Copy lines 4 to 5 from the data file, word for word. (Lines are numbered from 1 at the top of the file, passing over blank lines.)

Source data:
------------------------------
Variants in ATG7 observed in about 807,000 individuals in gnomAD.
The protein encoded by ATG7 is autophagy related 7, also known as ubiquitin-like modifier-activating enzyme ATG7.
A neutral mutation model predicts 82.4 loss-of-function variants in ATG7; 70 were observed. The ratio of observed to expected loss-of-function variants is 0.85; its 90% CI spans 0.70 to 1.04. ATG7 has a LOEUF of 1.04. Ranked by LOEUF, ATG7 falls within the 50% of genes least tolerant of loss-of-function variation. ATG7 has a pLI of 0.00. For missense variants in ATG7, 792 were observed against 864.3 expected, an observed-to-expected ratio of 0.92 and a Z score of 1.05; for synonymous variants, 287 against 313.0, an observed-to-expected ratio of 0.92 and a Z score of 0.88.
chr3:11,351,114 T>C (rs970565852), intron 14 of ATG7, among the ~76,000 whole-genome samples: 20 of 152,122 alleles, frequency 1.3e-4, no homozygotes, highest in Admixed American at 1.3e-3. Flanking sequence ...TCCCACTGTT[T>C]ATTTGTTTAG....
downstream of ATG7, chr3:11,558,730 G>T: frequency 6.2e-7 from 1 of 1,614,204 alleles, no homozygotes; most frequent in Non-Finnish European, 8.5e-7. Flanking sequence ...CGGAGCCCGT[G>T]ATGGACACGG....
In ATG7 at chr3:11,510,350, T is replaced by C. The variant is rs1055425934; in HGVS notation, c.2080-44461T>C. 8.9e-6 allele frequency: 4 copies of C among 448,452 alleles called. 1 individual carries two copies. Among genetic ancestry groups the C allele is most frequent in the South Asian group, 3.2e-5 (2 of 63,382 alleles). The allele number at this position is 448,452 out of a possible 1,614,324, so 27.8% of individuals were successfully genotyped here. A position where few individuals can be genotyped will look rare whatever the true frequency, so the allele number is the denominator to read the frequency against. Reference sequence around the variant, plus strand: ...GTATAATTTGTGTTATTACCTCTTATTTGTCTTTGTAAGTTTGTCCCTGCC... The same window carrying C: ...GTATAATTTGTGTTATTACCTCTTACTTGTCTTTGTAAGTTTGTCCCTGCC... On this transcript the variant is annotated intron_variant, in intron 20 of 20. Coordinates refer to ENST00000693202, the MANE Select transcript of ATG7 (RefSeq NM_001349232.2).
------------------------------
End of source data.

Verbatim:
chr3:11,351,114 T>C (rs970565852), intron 14 of ATG7, among the ~76,000 whole-genome samples: 20 of 152,122 alleles, frequency 1.3e-4, no homozygotes, highest in Admixed American at 1.3e-3. Flanking sequence ...TCCCACTGTT[T>C]ATTTGTTTAG....
downstream of ATG7, chr3:11,558,730 G>T: frequency 6.2e-7 from 1 of 1,614,204 alleles, no homozygotes; most frequent in Non-Finnish European, 8.5e-7. Flanking sequence ...CGGAGCCCGT[G>T]ATGGACACGG....